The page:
The UK's top 50 online brands, but what does it all mean?
Nielsen and UKOM have produced a list of the country's top 50 online brands. There we are. What does this means, exactly?
Nobody's quite sure, especially the Daily Telegraph. According to its coverage of the story, it's a listing of the most popular online brands in 2011, and it proves conclusively, somehow, that it's traditional offline brands that are most popular into today's digital world.
Except it doesn't prove any such thing. Read the story, then look at the results of the research. It's like the Telegraph journalist read the press release on her BlackBerry just before she fell asleep after a little too much Asti Spumante, and proceeded to wrote the story from memory this morning.
Here are the top 10 online brands:
2. MSN/Windows Live/Bing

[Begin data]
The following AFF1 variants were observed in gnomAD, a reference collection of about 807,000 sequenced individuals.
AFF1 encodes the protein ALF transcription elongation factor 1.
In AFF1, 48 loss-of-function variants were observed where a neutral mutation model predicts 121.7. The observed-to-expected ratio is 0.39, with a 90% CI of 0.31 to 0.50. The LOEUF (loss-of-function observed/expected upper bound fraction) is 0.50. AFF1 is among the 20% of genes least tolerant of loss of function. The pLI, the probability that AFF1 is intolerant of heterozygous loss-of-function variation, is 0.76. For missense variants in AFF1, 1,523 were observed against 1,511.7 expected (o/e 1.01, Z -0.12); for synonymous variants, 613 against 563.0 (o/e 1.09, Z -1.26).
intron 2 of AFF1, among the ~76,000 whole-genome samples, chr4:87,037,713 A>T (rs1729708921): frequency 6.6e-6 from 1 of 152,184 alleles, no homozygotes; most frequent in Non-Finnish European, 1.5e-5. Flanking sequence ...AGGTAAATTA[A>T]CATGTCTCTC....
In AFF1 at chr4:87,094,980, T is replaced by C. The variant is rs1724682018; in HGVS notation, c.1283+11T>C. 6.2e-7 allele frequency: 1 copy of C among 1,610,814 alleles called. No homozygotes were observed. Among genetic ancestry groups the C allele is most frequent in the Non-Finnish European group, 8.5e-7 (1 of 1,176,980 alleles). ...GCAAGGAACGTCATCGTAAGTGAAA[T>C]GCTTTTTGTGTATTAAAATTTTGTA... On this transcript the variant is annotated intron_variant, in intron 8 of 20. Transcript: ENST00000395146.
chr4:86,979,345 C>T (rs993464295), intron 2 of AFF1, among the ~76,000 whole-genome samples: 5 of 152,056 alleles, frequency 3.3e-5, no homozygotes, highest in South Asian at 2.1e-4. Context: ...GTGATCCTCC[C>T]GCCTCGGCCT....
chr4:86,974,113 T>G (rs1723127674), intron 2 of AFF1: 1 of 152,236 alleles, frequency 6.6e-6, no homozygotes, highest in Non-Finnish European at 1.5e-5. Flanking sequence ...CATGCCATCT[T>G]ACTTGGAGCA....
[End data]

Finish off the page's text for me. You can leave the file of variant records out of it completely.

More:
An impressively strong turnout for what would be considered primarily online brands. Tesco is 17th place, the same position the supermarket chain was in in 2004 - despite the Telegraph's headline claiming Tesco has 'ousted' other online brands in the poll. The story's byline states:
"Companies which have a presence in the real world, such as Tesco and BT, have become the UK’s most popular brands online."
Yet the actual results don't show anything of the sort; the Telegraph's definition of "most popular" seems to defy English language. And BT Openworld, which was 12th in 2004, is nowhere to be seen in today's top 20. Baffling. In fact the Telegraph's coverage is stuffed with very odd claims that don't fit any of the facts:
"The rest of the top 10 is mostly made up of brands which have a real-world presence, such as Amazon and eBay, whose respective businesses rely upon people buying and sending goods offline."
Well yes, there are physical elements to the service - products, deliveries - but nobody would ever describe Amazon or eBay as anything other than an online brand. A "real-world presence"? Are you sure about that? As opposed to Google, which the paper describes as a "web-only" company? If the fact that Amazon are offline brands because there is a physical product bought or sold, what about the Nexus One and Android OS? Nonsense.